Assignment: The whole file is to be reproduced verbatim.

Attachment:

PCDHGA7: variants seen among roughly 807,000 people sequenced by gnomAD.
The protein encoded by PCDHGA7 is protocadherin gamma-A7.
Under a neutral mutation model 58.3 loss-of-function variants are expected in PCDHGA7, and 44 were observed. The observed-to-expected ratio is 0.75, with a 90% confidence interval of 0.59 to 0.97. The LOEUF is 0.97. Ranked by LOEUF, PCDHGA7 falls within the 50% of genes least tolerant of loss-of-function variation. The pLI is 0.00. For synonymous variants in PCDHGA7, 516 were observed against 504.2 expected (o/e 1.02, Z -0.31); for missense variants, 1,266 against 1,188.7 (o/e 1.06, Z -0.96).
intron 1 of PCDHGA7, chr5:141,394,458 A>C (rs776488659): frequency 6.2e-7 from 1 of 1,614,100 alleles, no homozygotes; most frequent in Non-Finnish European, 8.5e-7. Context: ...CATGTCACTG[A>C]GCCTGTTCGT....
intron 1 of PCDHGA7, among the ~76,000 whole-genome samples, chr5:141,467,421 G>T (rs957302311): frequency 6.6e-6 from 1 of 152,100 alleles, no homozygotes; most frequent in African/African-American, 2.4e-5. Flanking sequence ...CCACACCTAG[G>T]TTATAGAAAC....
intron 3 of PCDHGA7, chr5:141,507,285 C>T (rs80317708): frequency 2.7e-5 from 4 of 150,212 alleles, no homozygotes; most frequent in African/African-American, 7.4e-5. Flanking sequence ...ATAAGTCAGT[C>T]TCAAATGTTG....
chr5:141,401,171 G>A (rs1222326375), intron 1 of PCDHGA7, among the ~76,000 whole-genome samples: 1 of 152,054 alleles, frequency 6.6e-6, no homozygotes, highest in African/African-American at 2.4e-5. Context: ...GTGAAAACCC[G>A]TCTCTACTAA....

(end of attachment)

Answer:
PCDHGA7: variants seen among roughly 807,000 people sequenced by gnomAD.
The protein encoded by PCDHGA7 is protocadherin gamma-A7.
Under a neutral mutation model 58.3 loss-of-function variants are expected in PCDHGA7, and 44 were observed. The observed-to-expected ratio is 0.75, with a 90% confidence interval of 0.59 to 0.97. The LOEUF is 0.97. Ranked by LOEUF, PCDHGA7 falls within the 50% of genes least tolerant of loss-of-function variation. The pLI is 0.00. For synonymous variants in PCDHGA7, 516 were observed against 504.2 expected (o/e 1.02, Z -0.31); for missense variants, 1,266 against 1,188.7 (o/e 1.06, Z -0.96).
intron 1 of PCDHGA7, chr5:141,394,458 A>C (rs776488659): frequency 6.2e-7 from 1 of 1,614,100 alleles, no homozygotes; most frequent in Non-Finnish European, 8.5e-7. Context: ...CATGTCACTG[A>C]GCCTGTTCGT....
intron 1 of PCDHGA7, among the ~76,000 whole-genome samples, chr5:141,467,421 G>T (rs957302311): frequency 6.6e-6 from 1 of 152,100 alleles, no homozygotes; most frequent in African/African-American, 2.4e-5. Flanking sequence ...CCACACCTAG[G>T]TTATAGAAAC....
intron 3 of PCDHGA7, chr5:141,507,285 C>T (rs80317708): frequency 2.7e-5 from 4 of 150,212 alleles, no homozygotes; most frequent in African/African-American, 7.4e-5. Flanking sequence ...ATAAGTCAGT[C>T]TCAAATGTTG....
chr5:141,401,171 G>A (rs1222326375), intron 1 of PCDHGA7, among the ~76,000 whole-genome samples: 1 of 152,054 alleles, frequency 6.6e-6, no homozygotes, highest in African/African-American at 2.4e-5. Context: ...GTGAAAACCC[G>A]TCTCTACTAA....